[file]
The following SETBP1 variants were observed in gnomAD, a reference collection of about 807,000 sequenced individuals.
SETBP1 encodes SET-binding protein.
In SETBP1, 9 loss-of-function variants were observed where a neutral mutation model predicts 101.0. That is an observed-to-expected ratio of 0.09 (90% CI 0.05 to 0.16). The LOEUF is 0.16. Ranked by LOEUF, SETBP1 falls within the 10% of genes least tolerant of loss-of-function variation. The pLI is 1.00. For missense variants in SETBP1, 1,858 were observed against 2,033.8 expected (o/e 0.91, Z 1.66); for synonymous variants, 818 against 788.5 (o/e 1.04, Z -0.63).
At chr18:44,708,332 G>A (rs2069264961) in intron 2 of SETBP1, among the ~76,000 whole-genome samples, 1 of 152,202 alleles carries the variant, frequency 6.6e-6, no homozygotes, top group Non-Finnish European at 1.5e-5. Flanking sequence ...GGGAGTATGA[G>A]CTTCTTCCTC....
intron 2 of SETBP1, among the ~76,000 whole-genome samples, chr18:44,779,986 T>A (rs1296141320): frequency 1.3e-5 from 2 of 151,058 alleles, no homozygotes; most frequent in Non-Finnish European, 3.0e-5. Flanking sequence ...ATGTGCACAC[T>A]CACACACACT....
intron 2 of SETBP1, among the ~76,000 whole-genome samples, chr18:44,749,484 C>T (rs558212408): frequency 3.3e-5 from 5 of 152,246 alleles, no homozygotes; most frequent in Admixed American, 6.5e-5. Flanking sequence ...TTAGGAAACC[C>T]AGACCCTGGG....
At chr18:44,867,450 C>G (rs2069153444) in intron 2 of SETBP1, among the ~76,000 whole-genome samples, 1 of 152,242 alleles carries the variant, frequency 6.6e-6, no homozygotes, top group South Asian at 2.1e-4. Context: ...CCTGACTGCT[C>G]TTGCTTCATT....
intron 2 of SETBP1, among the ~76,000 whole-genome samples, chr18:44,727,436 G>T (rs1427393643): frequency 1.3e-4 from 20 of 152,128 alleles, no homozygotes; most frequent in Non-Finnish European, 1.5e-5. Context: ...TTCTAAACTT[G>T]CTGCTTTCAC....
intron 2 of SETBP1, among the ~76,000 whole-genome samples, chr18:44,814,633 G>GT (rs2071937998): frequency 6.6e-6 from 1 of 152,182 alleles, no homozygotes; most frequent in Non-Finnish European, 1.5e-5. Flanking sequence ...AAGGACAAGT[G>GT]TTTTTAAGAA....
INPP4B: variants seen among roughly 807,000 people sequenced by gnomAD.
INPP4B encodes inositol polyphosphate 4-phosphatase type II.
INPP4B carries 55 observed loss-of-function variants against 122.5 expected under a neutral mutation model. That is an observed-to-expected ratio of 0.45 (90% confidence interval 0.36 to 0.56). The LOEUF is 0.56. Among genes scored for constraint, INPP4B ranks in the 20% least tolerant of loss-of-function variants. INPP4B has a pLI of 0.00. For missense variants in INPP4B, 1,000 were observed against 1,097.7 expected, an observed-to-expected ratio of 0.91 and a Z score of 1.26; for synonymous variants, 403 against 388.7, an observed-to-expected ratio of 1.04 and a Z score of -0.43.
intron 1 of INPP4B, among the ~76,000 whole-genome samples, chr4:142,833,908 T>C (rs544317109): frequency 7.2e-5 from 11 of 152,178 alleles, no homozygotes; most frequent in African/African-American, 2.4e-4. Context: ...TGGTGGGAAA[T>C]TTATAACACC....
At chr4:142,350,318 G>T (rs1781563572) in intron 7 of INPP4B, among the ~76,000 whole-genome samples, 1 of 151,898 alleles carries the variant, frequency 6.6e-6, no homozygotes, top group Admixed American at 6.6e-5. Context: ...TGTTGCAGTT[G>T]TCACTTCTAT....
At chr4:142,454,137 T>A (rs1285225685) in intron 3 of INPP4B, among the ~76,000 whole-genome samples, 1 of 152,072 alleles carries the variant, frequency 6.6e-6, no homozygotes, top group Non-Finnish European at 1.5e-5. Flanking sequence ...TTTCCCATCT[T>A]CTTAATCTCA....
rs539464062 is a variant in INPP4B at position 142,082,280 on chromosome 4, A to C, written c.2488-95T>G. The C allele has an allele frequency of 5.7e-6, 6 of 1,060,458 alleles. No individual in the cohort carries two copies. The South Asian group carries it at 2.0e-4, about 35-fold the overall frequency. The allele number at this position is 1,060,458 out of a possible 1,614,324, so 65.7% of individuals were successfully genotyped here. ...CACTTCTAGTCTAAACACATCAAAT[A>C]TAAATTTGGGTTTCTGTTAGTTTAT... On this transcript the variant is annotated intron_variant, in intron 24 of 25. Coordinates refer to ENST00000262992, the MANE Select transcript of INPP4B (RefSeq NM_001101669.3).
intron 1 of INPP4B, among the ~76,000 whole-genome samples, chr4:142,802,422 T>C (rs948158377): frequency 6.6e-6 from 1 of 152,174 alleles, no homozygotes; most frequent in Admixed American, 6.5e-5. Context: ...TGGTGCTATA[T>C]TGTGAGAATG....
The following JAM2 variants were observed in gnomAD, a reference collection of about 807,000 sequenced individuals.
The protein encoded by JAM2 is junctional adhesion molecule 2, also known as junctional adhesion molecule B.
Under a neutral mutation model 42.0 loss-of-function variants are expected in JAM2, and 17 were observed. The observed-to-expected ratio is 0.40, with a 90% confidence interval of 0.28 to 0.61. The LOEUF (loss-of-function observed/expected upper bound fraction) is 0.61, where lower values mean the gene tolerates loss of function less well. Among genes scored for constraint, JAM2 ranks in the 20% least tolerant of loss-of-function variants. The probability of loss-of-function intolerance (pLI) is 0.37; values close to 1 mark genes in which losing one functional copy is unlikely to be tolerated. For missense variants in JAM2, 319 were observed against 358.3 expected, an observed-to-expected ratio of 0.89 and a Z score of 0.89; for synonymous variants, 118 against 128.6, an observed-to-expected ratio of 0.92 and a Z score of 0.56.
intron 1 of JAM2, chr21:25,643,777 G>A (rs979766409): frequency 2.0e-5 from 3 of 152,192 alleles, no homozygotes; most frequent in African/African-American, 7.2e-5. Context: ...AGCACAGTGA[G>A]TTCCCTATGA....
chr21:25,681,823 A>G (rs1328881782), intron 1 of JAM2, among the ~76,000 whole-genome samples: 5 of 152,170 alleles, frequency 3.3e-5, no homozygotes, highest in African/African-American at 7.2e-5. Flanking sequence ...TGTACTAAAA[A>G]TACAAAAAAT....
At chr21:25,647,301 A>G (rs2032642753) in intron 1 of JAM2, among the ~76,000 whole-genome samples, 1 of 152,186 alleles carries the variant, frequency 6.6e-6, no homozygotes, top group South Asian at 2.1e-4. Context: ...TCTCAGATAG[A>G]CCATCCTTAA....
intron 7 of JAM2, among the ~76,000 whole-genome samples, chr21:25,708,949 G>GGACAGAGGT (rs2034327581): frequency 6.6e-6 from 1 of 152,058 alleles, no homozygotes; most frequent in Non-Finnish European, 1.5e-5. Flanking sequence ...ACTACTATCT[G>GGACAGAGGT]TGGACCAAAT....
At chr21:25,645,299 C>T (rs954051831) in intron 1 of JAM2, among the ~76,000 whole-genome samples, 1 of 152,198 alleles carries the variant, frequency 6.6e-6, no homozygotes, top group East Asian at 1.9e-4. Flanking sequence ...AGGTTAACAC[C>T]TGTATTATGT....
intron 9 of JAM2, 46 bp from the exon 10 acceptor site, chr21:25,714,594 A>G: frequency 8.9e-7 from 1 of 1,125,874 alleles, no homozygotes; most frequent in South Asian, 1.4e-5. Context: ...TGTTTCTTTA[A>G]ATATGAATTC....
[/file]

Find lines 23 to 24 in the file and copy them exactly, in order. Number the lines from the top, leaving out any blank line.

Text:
At chr21:25,647,301 A>G (rs2032642753) in intron 1 of JAM2, among the ~76,000 whole-genome samples, 1 of 152,186 alleles carries the variant, frequency 6.6e-6, no homozygotes, top group South Asian at 2.1e-4. Context: ...TCTCAGATAG[A>G]CCATCCTTAA....
intron 7 of JAM2, among the ~76,000 whole-genome samples, chr21:25,708,949 G>GGACAGAGGT (rs2034327581): frequency 6.6e-6 from 1 of 152,058 alleles, no homozygotes; most frequent in Non-Finnish European, 1.5e-5. Flanking sequence ...ACTACTATCT[G>GGACAGAGGT]TGGACCAAAT....